We recommend that all patients who have restoration of circulation after CPR and who subsequently progress to death be evaluated for organ donation (strong recommendation, low-quality evidence). Values, Preferences, and Task Force Insights In making this recommendation, we consider the absence of any evidence of worse graft function from donors with antecedent CPR, the desirability of providing more organs to waiting recipients, and the absence of any risk to the donor. As in all organ donations, the function of the donated organ determines whether procurement and transplantation proceed. Therefore, there is also precaution to ensure the safety of the recipient. We suggest that patients who fail to have restoration of circulation after CPR and who would otherwise have termination of CPR efforts be considered candidates for kidney or liver donation in settings where programs exist (weak recommendation, low-quality evidence). Values, Preferences, and Task Force Insights In making this recommendation, we consider the evidence that kidney grafts obtained from donors in whom CPR failed can function at rates comparable to kidneys obtained from other donors, and that recipients can safely tolerate delayed graft function that is common with kidneys obtained in this manner. We also consider the immediate lifesaving potential of liver grafts, which offsets the potentially greater rate of long-term graft failure in livers obtained from donors with ongoing CPR.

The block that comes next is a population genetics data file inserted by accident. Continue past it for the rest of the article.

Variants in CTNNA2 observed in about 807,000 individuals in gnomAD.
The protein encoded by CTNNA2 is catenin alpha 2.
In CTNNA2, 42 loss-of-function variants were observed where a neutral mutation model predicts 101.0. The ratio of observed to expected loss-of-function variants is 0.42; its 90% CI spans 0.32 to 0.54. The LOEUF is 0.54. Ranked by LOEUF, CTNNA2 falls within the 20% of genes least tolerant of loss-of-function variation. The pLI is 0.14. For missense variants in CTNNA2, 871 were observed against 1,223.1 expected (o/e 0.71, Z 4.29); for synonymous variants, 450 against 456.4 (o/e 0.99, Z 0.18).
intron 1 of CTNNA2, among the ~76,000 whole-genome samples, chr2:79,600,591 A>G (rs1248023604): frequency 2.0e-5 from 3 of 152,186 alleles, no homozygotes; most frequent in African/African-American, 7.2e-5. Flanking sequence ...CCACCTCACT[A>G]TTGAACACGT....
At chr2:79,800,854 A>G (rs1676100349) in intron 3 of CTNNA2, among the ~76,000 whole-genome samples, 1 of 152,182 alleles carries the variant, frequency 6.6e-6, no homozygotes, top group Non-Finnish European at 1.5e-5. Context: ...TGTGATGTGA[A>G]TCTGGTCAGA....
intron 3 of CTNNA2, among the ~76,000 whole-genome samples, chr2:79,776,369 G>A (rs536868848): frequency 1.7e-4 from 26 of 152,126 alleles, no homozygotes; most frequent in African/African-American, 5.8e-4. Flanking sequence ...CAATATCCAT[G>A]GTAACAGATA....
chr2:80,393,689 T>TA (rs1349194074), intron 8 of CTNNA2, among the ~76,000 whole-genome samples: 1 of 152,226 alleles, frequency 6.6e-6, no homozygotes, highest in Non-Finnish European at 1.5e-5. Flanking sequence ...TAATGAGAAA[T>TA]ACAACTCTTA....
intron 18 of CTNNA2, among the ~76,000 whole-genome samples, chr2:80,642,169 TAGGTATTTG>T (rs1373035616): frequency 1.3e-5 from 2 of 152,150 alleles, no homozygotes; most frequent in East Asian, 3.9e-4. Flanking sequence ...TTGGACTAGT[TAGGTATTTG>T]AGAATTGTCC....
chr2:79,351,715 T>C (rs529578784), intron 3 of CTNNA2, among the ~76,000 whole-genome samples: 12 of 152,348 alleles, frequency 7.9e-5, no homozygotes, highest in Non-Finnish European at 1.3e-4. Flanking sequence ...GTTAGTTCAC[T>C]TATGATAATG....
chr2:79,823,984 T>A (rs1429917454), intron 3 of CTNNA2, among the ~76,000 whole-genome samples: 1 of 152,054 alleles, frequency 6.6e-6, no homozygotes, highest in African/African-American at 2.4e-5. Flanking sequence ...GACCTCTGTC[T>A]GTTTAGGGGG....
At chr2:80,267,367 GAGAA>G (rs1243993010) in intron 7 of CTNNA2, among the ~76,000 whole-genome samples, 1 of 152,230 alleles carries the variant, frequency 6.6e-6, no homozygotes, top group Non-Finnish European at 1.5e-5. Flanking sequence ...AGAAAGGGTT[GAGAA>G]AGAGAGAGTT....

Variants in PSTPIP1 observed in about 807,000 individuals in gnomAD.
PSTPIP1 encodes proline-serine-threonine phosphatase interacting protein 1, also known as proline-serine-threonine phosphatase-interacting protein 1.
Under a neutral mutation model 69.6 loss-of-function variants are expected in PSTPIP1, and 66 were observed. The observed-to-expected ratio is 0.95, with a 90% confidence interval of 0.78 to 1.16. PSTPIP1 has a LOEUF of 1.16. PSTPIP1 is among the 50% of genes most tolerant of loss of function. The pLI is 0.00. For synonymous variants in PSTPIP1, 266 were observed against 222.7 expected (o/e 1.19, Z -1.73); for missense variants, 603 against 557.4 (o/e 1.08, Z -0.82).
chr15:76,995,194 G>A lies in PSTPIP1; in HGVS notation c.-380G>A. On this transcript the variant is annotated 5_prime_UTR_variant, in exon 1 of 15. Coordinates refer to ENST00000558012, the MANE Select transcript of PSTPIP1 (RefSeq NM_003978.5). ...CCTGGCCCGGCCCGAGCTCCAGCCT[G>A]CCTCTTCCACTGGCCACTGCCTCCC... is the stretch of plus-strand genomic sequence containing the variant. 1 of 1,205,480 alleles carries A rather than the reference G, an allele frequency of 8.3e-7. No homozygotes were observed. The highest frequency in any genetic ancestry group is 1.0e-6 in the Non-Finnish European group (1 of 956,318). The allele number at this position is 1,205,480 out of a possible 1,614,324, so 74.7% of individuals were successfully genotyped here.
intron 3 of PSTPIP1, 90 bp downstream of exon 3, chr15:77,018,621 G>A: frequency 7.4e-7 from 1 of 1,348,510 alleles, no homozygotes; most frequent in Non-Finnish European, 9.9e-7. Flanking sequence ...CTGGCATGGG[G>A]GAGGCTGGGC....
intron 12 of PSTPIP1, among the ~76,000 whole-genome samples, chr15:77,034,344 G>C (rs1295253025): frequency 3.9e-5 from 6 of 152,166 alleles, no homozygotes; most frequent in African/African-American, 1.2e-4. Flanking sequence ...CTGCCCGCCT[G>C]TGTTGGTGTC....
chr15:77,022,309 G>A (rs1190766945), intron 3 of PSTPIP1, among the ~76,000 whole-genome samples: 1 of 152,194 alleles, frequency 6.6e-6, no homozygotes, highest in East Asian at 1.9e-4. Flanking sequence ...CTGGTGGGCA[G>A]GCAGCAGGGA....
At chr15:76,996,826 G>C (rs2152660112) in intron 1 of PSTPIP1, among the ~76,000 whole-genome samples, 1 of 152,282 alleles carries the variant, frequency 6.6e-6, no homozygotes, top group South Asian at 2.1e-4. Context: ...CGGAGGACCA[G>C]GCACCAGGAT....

CoSTR Attachments:
AgreementDisagreement_Updated_Reasons_final_n.xlsx    
Copy of ILCORDataCollectionFormOrganDonationFinal_n.xls    
SummarofBiasAssessmentsOrganDonationFinal_n.xlsx    
TableResultsFinal_n.docx